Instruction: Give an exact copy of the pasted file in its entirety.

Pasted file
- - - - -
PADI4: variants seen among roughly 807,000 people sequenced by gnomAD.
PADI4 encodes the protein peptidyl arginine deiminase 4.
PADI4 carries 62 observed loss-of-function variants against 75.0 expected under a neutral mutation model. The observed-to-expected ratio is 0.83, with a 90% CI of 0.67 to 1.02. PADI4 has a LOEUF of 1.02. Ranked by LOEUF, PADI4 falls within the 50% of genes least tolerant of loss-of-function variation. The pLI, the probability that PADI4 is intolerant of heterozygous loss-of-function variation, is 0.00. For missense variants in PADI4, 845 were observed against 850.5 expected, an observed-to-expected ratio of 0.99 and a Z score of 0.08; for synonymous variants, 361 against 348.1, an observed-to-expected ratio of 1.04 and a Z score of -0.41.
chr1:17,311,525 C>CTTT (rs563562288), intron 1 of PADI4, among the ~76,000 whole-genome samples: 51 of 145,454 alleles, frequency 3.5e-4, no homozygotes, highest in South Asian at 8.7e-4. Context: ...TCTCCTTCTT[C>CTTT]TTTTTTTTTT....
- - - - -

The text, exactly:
PADI4: variants seen among roughly 807,000 people sequenced by gnomAD.
PADI4 encodes the protein peptidyl arginine deiminase 4.
PADI4 carries 62 observed loss-of-function variants against 75.0 expected under a neutral mutation model. The observed-to-expected ratio is 0.83, with a 90% CI of 0.67 to 1.02. PADI4 has a LOEUF of 1.02. Ranked by LOEUF, PADI4 falls within the 50% of genes least tolerant of loss-of-function variation. The pLI, the probability that PADI4 is intolerant of heterozygous loss-of-function variation, is 0.00. For missense variants in PADI4, 845 were observed against 850.5 expected, an observed-to-expected ratio of 0.99 and a Z score of 0.08; for synonymous variants, 361 against 348.1, an observed-to-expected ratio of 1.04 and a Z score of -0.41.
chr1:17,311,525 C>CTTT (rs563562288), intron 1 of PADI4, among the ~76,000 whole-genome samples: 51 of 145,454 alleles, frequency 3.5e-4, no homozygotes, highest in South Asian at 8.7e-4. Context: ...TCTCCTTCTT[C>CTTT]TTTTTTTTTT....